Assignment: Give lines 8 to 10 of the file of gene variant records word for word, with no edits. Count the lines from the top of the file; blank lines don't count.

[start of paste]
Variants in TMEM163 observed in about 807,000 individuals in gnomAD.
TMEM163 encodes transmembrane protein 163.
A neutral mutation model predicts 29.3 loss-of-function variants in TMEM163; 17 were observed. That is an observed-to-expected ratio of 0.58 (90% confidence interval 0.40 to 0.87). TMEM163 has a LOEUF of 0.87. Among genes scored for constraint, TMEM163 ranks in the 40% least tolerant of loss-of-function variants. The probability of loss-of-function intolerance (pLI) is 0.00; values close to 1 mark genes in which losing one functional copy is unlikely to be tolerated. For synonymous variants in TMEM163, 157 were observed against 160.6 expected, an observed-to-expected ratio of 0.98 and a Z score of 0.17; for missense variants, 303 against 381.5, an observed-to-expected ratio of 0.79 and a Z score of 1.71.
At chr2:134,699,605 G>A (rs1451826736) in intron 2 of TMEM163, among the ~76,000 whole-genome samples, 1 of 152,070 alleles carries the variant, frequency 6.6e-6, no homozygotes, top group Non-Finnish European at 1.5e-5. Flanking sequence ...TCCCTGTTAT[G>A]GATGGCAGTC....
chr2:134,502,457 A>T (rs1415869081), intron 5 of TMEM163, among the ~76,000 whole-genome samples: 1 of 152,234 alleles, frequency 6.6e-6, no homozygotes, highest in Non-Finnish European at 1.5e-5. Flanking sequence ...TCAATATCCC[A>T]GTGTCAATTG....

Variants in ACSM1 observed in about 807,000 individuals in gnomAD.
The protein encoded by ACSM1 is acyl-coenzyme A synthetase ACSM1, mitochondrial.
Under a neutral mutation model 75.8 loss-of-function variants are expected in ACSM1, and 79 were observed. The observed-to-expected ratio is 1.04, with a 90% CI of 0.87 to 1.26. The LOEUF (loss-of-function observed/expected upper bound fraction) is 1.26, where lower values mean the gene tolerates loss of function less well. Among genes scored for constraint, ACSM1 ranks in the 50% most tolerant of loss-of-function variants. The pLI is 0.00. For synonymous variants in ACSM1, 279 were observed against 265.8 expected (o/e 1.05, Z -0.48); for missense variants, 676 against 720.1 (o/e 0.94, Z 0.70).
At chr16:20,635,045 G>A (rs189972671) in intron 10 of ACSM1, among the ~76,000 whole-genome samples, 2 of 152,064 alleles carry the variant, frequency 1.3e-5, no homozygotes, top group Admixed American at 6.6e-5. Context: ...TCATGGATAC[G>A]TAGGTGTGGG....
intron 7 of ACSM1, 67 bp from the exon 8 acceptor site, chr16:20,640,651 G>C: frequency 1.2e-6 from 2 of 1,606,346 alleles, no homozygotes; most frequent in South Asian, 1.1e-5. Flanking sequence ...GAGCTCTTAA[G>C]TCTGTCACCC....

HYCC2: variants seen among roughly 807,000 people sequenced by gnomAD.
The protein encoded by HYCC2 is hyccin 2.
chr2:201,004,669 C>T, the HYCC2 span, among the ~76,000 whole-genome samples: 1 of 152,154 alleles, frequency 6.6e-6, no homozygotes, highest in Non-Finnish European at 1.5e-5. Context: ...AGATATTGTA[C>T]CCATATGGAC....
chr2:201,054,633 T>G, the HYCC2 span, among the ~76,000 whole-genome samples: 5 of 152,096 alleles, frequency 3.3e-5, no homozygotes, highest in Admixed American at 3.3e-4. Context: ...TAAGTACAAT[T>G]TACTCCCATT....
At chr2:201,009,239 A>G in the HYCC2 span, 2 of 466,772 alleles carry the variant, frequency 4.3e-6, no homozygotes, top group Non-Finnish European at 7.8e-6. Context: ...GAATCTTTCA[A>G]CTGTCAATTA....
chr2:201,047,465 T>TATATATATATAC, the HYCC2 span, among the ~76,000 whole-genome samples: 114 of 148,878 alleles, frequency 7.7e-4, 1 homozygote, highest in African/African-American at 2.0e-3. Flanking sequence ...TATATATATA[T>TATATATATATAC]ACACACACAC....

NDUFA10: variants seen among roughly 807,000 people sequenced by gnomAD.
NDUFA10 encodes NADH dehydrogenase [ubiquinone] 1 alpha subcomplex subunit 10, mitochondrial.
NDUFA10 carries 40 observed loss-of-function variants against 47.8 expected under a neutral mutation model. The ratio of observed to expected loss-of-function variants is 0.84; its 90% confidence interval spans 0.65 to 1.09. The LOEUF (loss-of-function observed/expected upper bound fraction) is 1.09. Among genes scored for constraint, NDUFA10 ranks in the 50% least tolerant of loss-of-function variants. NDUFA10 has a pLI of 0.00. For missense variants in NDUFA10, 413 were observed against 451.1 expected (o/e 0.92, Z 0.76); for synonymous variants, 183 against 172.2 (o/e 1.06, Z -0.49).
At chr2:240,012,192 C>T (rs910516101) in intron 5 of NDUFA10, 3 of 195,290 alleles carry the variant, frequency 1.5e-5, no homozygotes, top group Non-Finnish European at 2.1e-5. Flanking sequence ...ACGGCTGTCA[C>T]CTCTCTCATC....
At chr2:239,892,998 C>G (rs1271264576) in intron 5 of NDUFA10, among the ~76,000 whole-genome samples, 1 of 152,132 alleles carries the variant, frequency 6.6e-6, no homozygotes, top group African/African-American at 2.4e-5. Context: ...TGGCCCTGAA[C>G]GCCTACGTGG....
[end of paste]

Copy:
Under a neutral mutation model 75.8 loss-of-function variants are expected in ACSM1, and 79 were observed. The observed-to-expected ratio is 1.04, with a 90% CI of 0.87 to 1.26. The LOEUF (loss-of-function observed/expected upper bound fraction) is 1.26, where lower values mean the gene tolerates loss of function less well. Among genes scored for constraint, ACSM1 ranks in the 50% most tolerant of loss-of-function variants. The pLI is 0.00. For synonymous variants in ACSM1, 279 were observed against 265.8 expected (o/e 1.05, Z -0.48); for missense variants, 676 against 720.1 (o/e 0.94, Z 0.70).
At chr16:20,635,045 G>A (rs189972671) in intron 10 of ACSM1, among the ~76,000 whole-genome samples, 2 of 152,064 alleles carry the variant, frequency 1.3e-5, no homozygotes, top group Admixed American at 6.6e-5. Context: ...TCATGGATAC[G>A]TAGGTGTGGG....
intron 7 of ACSM1, 67 bp from the exon 8 acceptor site, chr16:20,640,651 G>C: frequency 1.2e-6 from 2 of 1,606,346 alleles, no homozygotes; most frequent in South Asian, 1.1e-5. Flanking sequence ...GAGCTCTTAA[G>C]TCTGTCACCC....